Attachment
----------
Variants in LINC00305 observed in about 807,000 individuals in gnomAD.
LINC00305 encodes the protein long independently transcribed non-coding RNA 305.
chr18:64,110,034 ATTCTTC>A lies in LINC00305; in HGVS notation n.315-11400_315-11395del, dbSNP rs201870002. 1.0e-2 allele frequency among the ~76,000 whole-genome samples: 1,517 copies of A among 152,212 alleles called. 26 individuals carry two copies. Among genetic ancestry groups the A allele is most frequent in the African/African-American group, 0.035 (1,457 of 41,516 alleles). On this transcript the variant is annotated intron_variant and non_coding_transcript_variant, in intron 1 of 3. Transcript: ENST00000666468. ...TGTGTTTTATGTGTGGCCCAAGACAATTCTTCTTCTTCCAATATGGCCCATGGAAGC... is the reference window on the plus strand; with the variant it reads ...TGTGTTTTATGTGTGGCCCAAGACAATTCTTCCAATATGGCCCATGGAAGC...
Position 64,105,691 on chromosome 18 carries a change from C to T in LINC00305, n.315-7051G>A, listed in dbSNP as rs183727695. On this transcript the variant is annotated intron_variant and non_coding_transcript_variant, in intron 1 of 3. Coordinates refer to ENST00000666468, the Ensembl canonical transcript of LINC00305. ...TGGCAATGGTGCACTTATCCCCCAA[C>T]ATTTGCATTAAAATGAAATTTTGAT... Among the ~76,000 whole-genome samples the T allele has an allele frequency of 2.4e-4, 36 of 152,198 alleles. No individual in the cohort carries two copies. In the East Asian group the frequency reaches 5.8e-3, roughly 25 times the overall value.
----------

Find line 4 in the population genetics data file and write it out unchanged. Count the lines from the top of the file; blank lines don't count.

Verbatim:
Position 64,105,691 on chromosome 18 carries a change from C to T in LINC00305, n.315-7051G>A, listed in dbSNP as rs183727695. On this transcript the variant is annotated intron_variant and non_coding_transcript_variant, in intron 1 of 3. Coordinates refer to ENST00000666468, the Ensembl canonical transcript of LINC00305. ...TGGCAATGGTGCACTTATCCCCCAA[C>T]ATTTGCATTAAAATGAAATTTTGAT... Among the ~76,000 whole-genome samples the T allele has an allele frequency of 2.4e-4, 36 of 152,198 alleles. No individual in the cohort carries two copies. In the East Asian group the frequency reaches 5.8e-3, roughly 25 times the overall value.